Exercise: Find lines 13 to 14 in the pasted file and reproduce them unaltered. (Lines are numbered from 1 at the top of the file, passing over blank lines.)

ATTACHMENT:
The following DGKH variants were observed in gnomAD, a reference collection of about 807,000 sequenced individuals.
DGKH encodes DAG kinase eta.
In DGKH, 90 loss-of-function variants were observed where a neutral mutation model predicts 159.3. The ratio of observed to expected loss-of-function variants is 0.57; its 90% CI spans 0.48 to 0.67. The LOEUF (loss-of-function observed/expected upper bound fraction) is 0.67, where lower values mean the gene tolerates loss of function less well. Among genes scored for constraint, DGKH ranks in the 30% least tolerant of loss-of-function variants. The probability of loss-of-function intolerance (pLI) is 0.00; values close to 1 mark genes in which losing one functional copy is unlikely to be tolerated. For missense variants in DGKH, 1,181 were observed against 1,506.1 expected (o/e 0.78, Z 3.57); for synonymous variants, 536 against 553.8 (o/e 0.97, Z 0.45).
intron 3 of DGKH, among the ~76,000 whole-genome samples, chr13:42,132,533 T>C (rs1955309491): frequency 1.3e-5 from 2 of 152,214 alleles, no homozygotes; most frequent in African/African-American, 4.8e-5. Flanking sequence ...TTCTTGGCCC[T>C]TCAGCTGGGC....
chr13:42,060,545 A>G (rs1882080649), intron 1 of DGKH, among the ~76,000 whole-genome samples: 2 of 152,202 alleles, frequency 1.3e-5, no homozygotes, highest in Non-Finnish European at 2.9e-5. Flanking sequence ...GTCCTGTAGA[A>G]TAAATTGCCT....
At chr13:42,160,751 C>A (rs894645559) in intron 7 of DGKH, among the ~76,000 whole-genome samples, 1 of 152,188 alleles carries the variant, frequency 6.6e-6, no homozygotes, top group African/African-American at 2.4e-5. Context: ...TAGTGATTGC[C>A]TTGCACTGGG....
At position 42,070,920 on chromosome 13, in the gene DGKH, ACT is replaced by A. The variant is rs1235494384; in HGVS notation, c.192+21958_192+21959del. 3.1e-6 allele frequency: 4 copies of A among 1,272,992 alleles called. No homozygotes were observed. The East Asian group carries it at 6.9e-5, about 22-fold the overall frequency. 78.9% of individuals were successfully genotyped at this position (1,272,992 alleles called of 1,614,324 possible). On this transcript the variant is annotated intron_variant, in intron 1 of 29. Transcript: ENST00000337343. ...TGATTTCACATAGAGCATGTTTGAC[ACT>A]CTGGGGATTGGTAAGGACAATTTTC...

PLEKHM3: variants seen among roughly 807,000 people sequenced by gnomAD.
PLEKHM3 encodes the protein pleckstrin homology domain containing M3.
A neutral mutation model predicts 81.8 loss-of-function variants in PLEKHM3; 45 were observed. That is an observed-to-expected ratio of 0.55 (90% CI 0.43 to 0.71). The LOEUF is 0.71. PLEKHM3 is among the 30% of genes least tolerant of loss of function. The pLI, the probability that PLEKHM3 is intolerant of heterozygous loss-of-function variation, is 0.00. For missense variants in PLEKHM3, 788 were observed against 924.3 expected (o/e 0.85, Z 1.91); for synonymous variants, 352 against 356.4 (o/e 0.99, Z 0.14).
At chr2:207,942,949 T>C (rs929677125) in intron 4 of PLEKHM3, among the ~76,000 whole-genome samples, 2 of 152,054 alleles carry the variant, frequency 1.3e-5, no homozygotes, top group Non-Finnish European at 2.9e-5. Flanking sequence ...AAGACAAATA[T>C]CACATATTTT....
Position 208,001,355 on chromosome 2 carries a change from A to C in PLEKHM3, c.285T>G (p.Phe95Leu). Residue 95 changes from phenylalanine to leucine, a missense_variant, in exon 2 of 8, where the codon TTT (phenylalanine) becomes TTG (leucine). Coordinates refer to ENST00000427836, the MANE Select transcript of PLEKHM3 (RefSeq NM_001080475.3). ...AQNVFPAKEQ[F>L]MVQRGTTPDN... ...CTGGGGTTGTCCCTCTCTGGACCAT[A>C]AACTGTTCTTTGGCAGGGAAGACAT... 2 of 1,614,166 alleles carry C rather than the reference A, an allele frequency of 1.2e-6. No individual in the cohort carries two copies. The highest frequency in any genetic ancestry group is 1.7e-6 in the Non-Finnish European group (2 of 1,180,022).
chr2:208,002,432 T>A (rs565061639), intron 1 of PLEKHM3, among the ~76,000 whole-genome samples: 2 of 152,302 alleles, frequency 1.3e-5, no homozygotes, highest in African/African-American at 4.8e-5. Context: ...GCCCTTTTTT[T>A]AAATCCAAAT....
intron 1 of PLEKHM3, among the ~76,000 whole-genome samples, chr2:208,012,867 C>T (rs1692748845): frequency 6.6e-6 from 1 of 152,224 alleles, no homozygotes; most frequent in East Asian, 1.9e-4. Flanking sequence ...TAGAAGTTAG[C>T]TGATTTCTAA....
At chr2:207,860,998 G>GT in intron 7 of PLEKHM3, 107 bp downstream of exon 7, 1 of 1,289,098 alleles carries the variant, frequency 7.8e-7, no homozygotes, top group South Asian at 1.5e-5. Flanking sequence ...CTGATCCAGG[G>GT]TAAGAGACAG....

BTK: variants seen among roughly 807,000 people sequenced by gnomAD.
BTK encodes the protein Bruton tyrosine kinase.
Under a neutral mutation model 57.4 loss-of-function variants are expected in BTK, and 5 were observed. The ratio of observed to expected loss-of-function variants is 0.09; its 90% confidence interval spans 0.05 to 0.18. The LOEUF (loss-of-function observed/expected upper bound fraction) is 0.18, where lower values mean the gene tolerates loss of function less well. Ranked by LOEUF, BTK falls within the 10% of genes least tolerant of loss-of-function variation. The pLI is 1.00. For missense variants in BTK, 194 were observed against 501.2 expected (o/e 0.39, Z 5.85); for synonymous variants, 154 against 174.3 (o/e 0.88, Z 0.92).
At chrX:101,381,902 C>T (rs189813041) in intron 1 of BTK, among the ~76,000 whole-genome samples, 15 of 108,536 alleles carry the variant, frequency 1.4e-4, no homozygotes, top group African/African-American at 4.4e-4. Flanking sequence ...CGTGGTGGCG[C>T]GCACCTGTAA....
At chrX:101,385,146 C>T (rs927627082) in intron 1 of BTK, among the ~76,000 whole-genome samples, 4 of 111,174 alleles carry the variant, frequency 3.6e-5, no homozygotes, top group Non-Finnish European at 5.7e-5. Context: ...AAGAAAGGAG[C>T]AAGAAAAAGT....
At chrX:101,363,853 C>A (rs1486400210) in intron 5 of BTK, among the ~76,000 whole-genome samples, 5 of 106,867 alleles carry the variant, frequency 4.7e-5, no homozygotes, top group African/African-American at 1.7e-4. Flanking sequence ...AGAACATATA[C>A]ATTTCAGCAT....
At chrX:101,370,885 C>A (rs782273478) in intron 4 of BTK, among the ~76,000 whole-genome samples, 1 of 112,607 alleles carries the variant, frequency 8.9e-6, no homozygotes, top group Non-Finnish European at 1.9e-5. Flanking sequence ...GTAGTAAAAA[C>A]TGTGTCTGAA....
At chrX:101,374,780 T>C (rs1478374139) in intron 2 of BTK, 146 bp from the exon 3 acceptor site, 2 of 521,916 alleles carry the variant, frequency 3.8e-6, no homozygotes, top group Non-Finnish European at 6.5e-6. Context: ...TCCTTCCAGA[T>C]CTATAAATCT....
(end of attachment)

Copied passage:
chr2:208,002,432 T>A (rs565061639), intron 1 of PLEKHM3, among the ~76,000 whole-genome samples: 2 of 152,302 alleles, frequency 1.3e-5, no homozygotes, highest in African/African-American at 4.8e-5. Context: ...GCCCTTTTTT[T>A]AAATCCAAAT....
intron 1 of PLEKHM3, among the ~76,000 whole-genome samples, chr2:208,012,867 C>T (rs1692748845): frequency 6.6e-6 from 1 of 152,224 alleles, no homozygotes; most frequent in East Asian, 1.9e-4. Flanking sequence ...TAGAAGTTAG[C>T]TGATTTCTAA....